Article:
Rockstars have magnetism and devoted fans – both good things for small businesses. Here’s my brief rundown of what we can learn from them: 1. It’s all about the show. Whatever’s going on behind the scenes doesn’t matter when we hit the stage. 2. Sometimes the lead singer and guitarist must pull the weight and/or create a distraction so the others can take a break. 3. Humility goes a long way with a crowd. So does insecurity and modesty if you can find a way to work that in. Occasionally. And compliments don’t hurt either. 4. Audience participation is key. Let them (dedicated fans) show they know their stuff. It increases engagement and long-term commitment. It doesn’t hurt to acknowledge newcomers and make them feel welcome too. 5. Find someting different to do and flaunt it. I don’t lip synch, we dont play short, dinky concerts, whatever it is do it and draw attention to it. People leave repeating it. 6. Make every crowd feel like the best – or at least unique in something. Acknowledge them for that. 7. Introduce spontaneity to keep yourself and your team motivated and entertained. 8. Recognize your opening acts and highlight their strengths. If they fit with your values and you can explain that, even better. 9. Care about something and make sure your fans know what it is. It might be a cause or it might just the favorite song you wrote. But say it loud, long, and strong. 10. Pick the right tool for the job and don’t be afraid to change it up. Sometimes it’s a gut thing, sometimes it’s for show and sometimes it’s a necessity. That’s it! Rock on small businesses of Phoenix, Arizona and the...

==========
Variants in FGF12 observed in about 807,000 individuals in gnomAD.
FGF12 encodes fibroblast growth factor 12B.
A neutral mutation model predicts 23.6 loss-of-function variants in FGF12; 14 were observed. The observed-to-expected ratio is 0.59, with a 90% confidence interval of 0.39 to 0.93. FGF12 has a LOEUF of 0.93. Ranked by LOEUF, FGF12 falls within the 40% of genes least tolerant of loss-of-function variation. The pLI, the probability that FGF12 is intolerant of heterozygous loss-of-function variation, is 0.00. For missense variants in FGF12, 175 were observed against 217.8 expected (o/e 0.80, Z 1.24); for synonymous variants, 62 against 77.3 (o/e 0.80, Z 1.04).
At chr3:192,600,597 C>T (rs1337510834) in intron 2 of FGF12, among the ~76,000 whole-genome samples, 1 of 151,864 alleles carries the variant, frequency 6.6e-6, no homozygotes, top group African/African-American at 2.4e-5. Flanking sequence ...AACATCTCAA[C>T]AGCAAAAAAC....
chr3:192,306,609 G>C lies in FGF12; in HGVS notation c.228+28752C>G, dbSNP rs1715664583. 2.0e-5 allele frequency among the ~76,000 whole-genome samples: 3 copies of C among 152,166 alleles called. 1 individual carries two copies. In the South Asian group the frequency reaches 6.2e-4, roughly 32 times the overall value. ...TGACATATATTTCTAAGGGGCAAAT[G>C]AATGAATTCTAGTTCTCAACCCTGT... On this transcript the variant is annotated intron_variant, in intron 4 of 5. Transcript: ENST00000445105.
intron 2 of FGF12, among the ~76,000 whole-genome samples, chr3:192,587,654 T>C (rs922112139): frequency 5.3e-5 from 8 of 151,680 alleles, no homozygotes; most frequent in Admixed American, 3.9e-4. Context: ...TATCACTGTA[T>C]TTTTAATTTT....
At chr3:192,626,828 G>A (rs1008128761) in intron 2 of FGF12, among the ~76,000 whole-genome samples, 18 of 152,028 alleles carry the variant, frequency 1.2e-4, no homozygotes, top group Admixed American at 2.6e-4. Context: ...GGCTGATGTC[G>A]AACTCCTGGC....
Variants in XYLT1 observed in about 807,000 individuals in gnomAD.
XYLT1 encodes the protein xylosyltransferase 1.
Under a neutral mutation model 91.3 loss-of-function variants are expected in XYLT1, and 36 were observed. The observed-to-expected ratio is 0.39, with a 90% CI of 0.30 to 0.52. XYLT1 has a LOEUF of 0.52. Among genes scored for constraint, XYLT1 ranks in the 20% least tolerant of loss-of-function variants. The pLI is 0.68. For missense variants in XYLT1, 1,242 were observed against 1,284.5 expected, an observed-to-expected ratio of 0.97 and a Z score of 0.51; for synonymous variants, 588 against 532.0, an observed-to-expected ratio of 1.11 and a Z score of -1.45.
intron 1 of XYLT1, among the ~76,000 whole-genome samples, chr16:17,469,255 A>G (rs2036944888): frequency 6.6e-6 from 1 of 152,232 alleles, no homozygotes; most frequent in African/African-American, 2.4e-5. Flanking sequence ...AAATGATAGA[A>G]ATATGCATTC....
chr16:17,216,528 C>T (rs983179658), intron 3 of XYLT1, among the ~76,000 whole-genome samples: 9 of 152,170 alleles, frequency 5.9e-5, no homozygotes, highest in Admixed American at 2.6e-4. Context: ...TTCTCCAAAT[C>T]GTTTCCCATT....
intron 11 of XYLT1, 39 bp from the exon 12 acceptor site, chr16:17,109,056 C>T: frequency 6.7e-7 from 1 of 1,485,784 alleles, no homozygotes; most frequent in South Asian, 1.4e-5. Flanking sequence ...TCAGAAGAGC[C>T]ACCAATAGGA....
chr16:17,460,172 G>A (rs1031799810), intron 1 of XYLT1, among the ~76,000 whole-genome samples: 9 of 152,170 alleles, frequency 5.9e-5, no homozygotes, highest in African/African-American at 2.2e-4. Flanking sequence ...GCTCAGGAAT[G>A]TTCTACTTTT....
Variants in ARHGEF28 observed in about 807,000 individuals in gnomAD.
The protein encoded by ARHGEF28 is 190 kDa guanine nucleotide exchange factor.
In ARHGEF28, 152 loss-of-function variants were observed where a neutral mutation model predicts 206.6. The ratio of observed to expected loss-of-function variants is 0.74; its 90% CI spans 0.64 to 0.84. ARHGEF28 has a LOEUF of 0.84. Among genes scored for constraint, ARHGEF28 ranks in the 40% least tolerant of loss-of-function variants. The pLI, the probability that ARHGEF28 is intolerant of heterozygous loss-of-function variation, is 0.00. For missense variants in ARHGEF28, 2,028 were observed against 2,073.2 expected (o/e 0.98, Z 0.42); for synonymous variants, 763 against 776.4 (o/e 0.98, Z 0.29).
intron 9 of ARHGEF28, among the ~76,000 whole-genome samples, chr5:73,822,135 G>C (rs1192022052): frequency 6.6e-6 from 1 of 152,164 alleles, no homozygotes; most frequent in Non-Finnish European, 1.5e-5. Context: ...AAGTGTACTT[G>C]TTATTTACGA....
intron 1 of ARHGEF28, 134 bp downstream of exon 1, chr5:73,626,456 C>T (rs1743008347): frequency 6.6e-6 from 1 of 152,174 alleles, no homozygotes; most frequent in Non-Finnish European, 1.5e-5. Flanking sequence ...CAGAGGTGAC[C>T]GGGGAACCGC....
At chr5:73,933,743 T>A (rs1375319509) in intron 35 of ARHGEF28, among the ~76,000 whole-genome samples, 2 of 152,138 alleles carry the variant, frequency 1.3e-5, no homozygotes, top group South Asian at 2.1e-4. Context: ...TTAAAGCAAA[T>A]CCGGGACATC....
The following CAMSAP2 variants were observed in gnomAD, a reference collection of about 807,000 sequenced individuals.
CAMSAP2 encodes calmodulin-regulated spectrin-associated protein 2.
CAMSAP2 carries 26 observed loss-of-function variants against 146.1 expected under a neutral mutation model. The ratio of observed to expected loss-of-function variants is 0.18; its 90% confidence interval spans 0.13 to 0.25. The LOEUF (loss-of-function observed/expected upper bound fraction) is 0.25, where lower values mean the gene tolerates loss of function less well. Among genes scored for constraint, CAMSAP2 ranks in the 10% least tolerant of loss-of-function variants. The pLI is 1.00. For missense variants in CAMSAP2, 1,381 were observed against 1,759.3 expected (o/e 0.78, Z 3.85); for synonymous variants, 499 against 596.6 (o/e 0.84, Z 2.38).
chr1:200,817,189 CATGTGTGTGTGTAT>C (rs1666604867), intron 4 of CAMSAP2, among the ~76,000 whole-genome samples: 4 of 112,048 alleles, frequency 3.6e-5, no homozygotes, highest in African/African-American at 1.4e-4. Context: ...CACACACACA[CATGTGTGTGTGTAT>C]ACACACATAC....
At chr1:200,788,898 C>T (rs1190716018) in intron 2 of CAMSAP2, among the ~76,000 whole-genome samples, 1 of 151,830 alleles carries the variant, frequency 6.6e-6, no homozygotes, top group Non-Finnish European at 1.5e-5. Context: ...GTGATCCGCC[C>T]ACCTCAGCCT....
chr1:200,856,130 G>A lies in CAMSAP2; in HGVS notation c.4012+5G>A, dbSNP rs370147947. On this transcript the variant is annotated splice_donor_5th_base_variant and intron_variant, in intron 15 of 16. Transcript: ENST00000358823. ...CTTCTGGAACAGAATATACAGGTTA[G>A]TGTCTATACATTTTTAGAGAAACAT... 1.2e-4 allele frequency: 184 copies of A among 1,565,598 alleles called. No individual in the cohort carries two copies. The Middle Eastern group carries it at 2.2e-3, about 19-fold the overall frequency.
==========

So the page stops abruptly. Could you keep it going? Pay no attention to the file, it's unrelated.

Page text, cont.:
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Someone Has to Be the CMO

on July 26 in Small Business, Soapbox, The Office | 1 comment

Many small businesses or even mid-to-large-sized businesses with geographic dispersion have marketing people in-house or at least marketing-minded employees, whether at the top or within the company’s ranks.  But oftentimes, there’s not a dedicated, experienced resource at the C-level.  The lack of a Chief Marketing Officer (CMO) or equivalent leadership role often results in a task-based approach to marketing, which means energy and resources can get expended based on assumptions, whims, and good sales pitches vs. data, analysis, and strategic goals.  The result?  Unknown value and potential waste of profits. For every company, it may not be feasible to bring in a marketer at this level and caliber; the costs of an executive search alone could be more than what is usually allocated in a market budget!  Bringing in an outside firm is also not always a smart economic investment.  So what is the internal champion of strategic marketing to do? My advice is find an ally–someone you trust who knows what questions to ask to put the potential for a marketing strategy into perspective, can help that get traction within the organization, and will assist with implementation at a cost in line with expected outcomes.  Large companies know that, for effective marketing results, there has to be a CMO at the helm; in small business, someone has to be the CMO (even if acting or undercover) so it might as well be you. Ready for your new role?  Let’s talk.  ...